Colors of Fall: Hiking Sonoma County
In Sonoma County, each hiking season brings its particular joys.
On clear winter days — when the air is chilly and breezes brisk — hikers are invigorated by any kind of outdoor ramble, from a simple stroll on a paved path to a steep and rocky climb. In spring, trekking through fields ablaze with wildflowers and the sound of courting birds, the world seems to burst with joy. Summer’s long and lingering days bring carefree hikes with side trips to pick blackberries, picnic atop rocks and gaze at raptors cruising the skies.
And then there’s autumn. If you live in Sonoma County and hike year ’round, chances are that autumn is already your favorite time for hiking. If you’re visiting Sonoma County in the fall and hit the trail, it soon will be.
One thing that makes autumn special is that summer’s coastal fog pretty much disappears. The coast is sunny and warm — but not too warm — and you can see long distances north and south and seemingly forever out to sea.
If you’re on the beach or a nearby cliff at sunset, you’ll see the sun disappear into the ocean (rather than a fogbank). Stick around long enough and you’ll watch the skies change colors from red to orange to pink, and then fade from gray to black — when the stars arrive.
Other reasons to celebrate the county’s autumn hiking include vibrant fall foliage, fewer people on the trails, lower temperatures to ease passage up those steep mountains, the sight of migrating flocks moving across the sky, and the knowledge that you can later relax with a glass of wine at a harvest celebration.
Because, let’s face it: In Sonoma County, in autumn, there is always a harvest celebration happening somewhere … and you deserve to be there.
Here are three good ideas for your Sonoma County autumn hike:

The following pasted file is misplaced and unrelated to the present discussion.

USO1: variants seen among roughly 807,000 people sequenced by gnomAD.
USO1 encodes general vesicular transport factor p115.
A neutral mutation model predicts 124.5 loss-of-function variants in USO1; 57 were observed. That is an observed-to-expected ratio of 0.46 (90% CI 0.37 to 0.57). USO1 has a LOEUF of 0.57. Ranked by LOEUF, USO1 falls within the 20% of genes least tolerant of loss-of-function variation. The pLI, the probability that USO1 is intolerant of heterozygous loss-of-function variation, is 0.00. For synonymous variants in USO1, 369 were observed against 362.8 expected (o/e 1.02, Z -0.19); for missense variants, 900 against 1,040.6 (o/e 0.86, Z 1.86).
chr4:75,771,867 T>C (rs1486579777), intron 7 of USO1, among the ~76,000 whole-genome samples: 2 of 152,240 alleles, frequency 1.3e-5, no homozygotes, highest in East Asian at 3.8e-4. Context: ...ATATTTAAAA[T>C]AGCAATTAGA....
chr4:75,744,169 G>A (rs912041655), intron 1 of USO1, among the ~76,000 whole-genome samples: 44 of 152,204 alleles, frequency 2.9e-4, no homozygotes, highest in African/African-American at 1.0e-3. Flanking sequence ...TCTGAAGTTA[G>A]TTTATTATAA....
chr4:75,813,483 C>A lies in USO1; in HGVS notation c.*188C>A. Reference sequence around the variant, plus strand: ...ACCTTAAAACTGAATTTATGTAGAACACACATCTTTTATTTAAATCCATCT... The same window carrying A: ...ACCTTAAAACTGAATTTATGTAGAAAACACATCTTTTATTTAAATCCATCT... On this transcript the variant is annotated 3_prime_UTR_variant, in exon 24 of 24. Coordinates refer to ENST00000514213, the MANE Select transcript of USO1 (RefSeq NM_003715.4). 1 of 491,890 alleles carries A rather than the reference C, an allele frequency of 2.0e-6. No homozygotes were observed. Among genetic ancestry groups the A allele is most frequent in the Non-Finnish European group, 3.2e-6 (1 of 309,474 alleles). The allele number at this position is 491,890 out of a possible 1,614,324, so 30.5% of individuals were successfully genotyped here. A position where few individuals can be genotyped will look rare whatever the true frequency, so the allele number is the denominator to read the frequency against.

On the Coast
Sonoma Coast State Park consists of 16 miles of incredibly beautiful scenery. Two excellent trails — Kortum Trail and Pomo Canyon Trail — begin at Shell Beach, located at about the park’s coastal midway point.
Kortum Trail proceeds straight along cliff tops to Goat Rock, a beloved local landmark with a wonderful beach for tide-pooling. It’s a relatively easy hike, about five miles round trip.
Pomo Canyon Trail leaves Shell Beach and heads east, crossing Highway 1 and then traveling upward into a redwood forest with a waterfall. This is a moderate hike, approximately seven miles round trip.
- Download the Sonoma Coast SP brochure, which includes a map showing the route for both trails.
- Parking at Shell Beach is $8 per vehicle.
In the Redwoods
Armstrong Redwoods State Natural Reserve — in a canyon near Guerneville and just north of the Russian River — offers 805 acres of soaring redwood trees. The trails beneath the forest’s canopy are relatively short, but you can string them together and loop around to create a varied five to six mile hike (a trail leading into adjacent Austin Creek State Recreation Area allows access to 20 more miles of trails).
The self-guided Armstrong Nature Trail is the best bet for first-time visitors, since you’ll learn about redwood trees via interpretive displays as you stroll along. The Discovery Trail offers an unusual feature you’ll probably want to try: a tree-hugging platform. Both these trails are wheelchair accessible, and the Discovery Trail has interpretive panels in Braille.
Keep a lookout for the Colonel Armstrong tree (at more than 1,400 years old, it’s the reserve’s oldest), the Parson Jones (the tallest, at 310 feet), and Icicle (adorned with a huge number of burls).
Be sure to visit the Redwood Forest Theater. A 1,200-seat amphitheater built in the 1930s, it’s surrounded on all sides by towering redwood trees that give it the feel of a majestic cathedral. Armstrong Redwoods SNR also contains a small visitor center and nature store.
- Location: Armstrong Redwoods SNR, 17000 Armstrong Woods Road, Guerneville 95446.
- Parking is $8/vehicle (or park for free in the parking lot just outside the gate and walk in).
- Visit the website.
- Download a brochure about Armstrong Redwoods SNR.
On a Mountain
Nestled into the majestic Mayacamas Mountains between Sonoma and Napa valleys, Sugarloaf Ridge State Park is home to 2,729-foot Bald Mountain, where you’ll find amazing 360° panoramic views. On a clear day you’ll enjoy Sonoma and Napa Valleys, the Golden Gate and Bay Bridges, and even the Sierra Nevada range.
The Bald Mountain trail is six miles round trip, moderate in difficulty, and gains approximately 1,500 feet in elevation. The well-marked trail passes through riparian woodland canyons, open meadows, and chaparral, steadily climbing upward (you’ll pass an occasional bench and picnic table as you go). If you’d like a longer excursion, you’ll find plenty of side trails
- Location: Sugarloaf Ridge State Park, 2605 Adobe Canyon Road, Kenwood 95452.
- Parking is $8/vehicle.